Films exploded in popularity in the 1920s. Movies became bigger, more polished, more refined, and more expensive. Most filmmaking migrated from New York and New Jersey to the West Coast. The “Big Five” studios of the era were: Warner Bros. Pictures which became prominent in 1927 with the release of The Jazz Singer, the first “talkie;” The Famous-Players Lasky Corporation (incorporated as Paramount Pictures in 1927) which possessed the greatest stars: Mary Pickford, Douglas Fairbanks, Rudy Valentino and others; RKO (Radio-Keith-Orpheum) Pictures, the smallest of the Big Five that grew in popularity in the ’30s with Astaire-Rogers musicals and others (eventually Orson Welles’s Citizen Kane); Metro-Goldwyn-Mayer, the massively successful company of the ’20s and ’30s; and the Fox Film Corporation. This was the era of the total control of the studios -production, distribution, theaters, and even actors. Anti-trust suits were eventually brought in the ’40s.
The three “Little Studios” of the era were: Carl Laemmle’s Universal Pictures; the partnership of Charlie Chaplin, Mary Pickford, Douglas Fairbanks, and D.W. Griffith to form United Artists; and Columbia Pictures. Other smaller studios, like Disney, resided on “poverty row.”
In 1920, the “marriage of the century” took place when Douglas Fairbanks and Mary Pickford got married and divorced their respective spouses. Douglas Fairbanks bought an 18-acre tudor-styled home in Beverly Hills, dubbed “pickfair” by the press. It became a West Coast White House of sorts, serving as a gathering place for dignitaries, diplomats, celebrities, artists, and journalists.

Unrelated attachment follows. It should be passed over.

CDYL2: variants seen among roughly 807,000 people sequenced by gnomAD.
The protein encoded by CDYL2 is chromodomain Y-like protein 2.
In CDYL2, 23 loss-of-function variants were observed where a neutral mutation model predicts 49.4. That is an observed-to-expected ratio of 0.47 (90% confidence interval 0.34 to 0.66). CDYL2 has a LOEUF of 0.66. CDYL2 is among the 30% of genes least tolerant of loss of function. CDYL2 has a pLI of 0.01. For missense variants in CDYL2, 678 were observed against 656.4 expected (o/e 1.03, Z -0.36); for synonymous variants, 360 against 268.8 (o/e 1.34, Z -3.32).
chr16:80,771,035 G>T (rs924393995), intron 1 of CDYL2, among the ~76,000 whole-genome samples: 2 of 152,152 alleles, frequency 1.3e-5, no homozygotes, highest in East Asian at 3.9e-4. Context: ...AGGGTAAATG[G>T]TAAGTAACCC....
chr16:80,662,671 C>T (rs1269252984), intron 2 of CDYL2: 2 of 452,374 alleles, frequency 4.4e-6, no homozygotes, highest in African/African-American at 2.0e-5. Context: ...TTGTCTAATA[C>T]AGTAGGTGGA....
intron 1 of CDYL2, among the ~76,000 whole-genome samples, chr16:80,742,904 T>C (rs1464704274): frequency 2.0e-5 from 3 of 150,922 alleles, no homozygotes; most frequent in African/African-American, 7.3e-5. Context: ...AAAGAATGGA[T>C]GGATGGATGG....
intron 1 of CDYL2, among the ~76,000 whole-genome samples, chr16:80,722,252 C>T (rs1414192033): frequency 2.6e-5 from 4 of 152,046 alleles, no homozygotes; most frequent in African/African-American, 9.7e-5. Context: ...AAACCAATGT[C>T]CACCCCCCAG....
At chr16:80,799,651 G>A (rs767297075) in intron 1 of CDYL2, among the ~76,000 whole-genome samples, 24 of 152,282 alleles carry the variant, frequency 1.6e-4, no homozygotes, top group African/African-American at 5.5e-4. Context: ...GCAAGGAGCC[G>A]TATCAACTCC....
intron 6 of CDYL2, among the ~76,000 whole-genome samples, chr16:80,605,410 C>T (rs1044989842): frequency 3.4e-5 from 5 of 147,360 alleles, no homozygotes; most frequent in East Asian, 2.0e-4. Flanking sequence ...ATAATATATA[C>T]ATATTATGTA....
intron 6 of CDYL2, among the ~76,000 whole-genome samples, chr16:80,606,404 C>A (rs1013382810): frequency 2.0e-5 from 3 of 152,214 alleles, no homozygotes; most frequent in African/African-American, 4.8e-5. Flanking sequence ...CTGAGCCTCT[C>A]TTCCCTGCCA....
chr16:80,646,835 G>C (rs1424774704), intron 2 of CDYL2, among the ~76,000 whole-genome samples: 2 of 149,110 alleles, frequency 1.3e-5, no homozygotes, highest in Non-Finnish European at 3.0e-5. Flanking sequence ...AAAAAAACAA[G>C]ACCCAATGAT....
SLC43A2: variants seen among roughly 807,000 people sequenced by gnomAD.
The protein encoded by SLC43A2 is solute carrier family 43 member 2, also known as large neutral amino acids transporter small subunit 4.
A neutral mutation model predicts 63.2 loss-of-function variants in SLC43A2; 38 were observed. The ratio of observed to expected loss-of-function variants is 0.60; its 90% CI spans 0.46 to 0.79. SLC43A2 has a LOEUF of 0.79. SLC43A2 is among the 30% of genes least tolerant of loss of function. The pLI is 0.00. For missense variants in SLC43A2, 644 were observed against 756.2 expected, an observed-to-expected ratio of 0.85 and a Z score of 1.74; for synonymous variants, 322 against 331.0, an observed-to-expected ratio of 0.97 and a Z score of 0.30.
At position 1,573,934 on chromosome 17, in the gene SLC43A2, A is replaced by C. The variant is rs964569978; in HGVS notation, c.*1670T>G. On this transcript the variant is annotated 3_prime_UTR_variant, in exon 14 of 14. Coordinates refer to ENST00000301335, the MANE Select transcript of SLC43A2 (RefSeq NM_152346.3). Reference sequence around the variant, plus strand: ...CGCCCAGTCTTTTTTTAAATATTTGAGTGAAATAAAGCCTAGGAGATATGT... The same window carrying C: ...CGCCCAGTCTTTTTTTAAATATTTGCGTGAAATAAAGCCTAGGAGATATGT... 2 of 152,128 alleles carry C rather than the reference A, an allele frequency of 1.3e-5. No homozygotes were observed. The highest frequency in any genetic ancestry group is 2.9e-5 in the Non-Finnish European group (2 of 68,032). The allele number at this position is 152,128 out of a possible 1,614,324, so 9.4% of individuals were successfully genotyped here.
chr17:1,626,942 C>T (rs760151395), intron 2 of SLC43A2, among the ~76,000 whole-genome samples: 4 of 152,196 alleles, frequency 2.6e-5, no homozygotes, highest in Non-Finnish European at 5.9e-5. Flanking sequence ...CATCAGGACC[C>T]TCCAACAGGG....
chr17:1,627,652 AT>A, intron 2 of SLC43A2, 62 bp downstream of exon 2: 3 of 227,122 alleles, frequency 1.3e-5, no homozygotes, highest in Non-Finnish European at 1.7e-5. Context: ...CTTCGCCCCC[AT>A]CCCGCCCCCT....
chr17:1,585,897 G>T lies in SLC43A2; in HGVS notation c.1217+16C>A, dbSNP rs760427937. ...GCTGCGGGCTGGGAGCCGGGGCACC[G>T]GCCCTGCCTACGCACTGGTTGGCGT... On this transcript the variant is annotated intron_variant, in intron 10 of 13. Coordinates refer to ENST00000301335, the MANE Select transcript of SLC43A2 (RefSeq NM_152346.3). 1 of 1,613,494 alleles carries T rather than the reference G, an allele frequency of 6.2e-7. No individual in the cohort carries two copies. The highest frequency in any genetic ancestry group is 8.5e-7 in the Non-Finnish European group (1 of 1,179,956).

The top stars of the era were: Charlie Chaplin, who continued his pursuit of perfection as he turned away from his short films to focus on more serious movies like The Kid and The Gold Rush; and other brilliant comedy stars like Buster Keaton who completed his magnum opus The General and Harold Lloyd famed for his situational comedy in Safety Last!; Gloria Swanson, a wildly successful silent actress who starred in many Cecil B. DeMille films; Tom Mix, the “King of Cowboys;” the elegant Norma Talmadge, known for her performance in Smilin’ Through (1922); Rudolph Valentino, the “Latin Lover” whose life ended far too soon; Douglas Fairbanks Sr., the “King of Hollywood;” and “Our Mary” Mary Pickford; the free-spirited Norma Shearer who eventually married Irving Thalberg; the sophisticated John Barrymore, who successfully made the leap from silent to “talkie” films before fading into obscurity as so many do in Hollywood; an independent and eccentric Swedish actress named Greta Garbo, the “man of a thousand faces” Lon Chaney; the sex icon and “it girl” Clara Bow; a bumbling juggler from Ziegfield’s follies named W.C. Fields; and the launch of long-lasting careers like Janet Gaynor.